[FFmpeg-devel] [PATCH 1/2] lavf/avio: Extend API with avio_move() and avio_delete()

Nicolas George george at nsup.org
Tue Jun 23 12:51:18 CEST 2015

Le quintidi 5 messidor, an CCXXIII, wm4 a écrit :
> I think you're alone with this.

I do not intend to push for it, it was just an extreme example. I do maths,
and there is one thing we learn: if you want to know how solid an argument
is, push it to the extreme. If you suspect f is monotonic and want to know
whether it is increasing or decreasing, look at its asymptotic behaviour. If
you want to know if libavremotefileoperations makes sense, wonder about

> libav* are for (de)muxing and decoding/encoding.

libav* are for what developers want to make them for.

> It wouldn't be much of a problem to add a separate git repo that
> contains libavspellchecker. This would be truly independent. But I know
> what would happen... you'd add subtitle support to libavfilter, and the
> spell checker would be implemented as a filter.

Yes, exactly. We want everything in FFmpeg because multimedia is an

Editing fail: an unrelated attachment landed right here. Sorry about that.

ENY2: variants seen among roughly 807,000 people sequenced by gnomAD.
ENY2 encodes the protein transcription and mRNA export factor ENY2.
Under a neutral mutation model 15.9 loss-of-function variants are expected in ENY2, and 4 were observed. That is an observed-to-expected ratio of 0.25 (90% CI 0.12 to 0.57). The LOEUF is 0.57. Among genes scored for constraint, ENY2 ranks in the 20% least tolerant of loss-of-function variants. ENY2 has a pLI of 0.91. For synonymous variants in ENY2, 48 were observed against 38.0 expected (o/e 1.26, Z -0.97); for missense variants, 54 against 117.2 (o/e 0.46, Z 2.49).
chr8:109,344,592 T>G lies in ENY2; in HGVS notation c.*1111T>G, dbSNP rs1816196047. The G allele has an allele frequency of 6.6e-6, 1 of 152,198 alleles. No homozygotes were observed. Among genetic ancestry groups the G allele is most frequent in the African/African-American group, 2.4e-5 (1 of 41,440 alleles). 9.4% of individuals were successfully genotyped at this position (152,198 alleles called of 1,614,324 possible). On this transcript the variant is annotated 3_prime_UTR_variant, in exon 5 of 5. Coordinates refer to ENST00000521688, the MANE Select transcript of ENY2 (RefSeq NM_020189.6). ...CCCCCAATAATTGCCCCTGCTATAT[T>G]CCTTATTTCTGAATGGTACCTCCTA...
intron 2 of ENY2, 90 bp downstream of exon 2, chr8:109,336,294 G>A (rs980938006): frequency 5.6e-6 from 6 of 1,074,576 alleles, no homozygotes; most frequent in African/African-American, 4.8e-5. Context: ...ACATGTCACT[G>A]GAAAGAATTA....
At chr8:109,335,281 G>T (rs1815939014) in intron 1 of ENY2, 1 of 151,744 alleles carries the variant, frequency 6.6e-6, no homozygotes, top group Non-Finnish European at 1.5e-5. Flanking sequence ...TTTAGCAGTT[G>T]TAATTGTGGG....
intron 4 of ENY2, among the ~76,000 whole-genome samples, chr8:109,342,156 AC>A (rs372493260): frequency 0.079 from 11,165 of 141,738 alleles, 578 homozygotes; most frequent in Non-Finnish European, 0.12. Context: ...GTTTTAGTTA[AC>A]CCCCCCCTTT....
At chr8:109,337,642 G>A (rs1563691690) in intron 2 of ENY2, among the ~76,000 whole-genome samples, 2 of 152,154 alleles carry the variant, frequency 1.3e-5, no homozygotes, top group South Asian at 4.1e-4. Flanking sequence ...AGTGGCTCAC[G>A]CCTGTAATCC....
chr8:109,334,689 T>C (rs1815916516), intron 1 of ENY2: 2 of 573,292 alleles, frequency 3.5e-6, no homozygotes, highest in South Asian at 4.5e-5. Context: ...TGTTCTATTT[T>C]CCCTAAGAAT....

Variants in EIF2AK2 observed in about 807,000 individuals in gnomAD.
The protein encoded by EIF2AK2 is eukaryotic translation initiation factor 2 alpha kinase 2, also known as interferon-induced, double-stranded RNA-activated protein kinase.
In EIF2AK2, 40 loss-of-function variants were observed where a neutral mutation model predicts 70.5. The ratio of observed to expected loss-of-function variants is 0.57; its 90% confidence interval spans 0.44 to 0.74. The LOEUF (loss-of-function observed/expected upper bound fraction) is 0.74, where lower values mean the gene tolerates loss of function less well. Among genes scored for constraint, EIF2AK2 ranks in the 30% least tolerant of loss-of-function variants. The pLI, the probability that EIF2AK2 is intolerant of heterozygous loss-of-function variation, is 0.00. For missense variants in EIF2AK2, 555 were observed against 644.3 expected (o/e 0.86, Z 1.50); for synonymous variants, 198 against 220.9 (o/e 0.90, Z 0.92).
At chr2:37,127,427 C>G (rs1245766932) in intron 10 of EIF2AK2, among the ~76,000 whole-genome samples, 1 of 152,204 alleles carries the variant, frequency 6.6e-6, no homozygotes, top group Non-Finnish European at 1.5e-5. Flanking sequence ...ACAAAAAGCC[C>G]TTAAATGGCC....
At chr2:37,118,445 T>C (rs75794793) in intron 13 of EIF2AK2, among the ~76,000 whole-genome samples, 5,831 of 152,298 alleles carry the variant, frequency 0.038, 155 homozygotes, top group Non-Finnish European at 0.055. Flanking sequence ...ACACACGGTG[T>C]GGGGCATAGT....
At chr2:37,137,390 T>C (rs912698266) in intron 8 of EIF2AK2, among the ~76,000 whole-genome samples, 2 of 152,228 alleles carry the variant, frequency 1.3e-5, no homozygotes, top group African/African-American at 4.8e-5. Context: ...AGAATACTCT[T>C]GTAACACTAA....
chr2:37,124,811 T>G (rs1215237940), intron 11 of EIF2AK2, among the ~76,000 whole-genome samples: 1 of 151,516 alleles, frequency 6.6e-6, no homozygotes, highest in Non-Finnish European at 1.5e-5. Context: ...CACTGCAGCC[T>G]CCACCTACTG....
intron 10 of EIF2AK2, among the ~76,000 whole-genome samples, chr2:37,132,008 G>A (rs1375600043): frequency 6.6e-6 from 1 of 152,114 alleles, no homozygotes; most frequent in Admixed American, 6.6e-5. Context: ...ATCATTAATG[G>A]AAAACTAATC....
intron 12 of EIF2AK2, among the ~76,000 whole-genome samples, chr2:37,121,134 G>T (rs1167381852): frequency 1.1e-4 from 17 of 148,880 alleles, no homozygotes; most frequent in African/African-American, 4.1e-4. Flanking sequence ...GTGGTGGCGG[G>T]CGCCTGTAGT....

entangled topic: if you want to do anything non-trivial, you need

> We could have libavremotefileoperations too, but no, it will just end
> up in libavformat.

Please give us ONE GOOD REASON to split the libraries. I myself advocate for
one single libffmpeg.so, because the only practical consequences I see to
the split is the hassle of intra-project ABI stability, with all the
avpriv_frobnicate() stuff. Even libavformat and libavcodec belong together:
demuxers require parsers, and parsers share code with decoders. The rest is

By having all together, we can have a common testing framework.

Look at what happens in the Linux kernel: even for modules that could be
shipped separately, the policy is to have it all in one huge repository. The
FFmpeg code base is not nearly as big as the Linux code base.

> is different and usually terrible.

For your information, I consider the paragraphs that contain that kind of
gratuitous abuse non-existent.

> I'm also not sure why you think maintaining essentially dead code is
> hard.

That is exactly the opposite, I think it is easy: just run the bulldozer on
the oldest parts of the graveyard once in a while.


  Nicolas George
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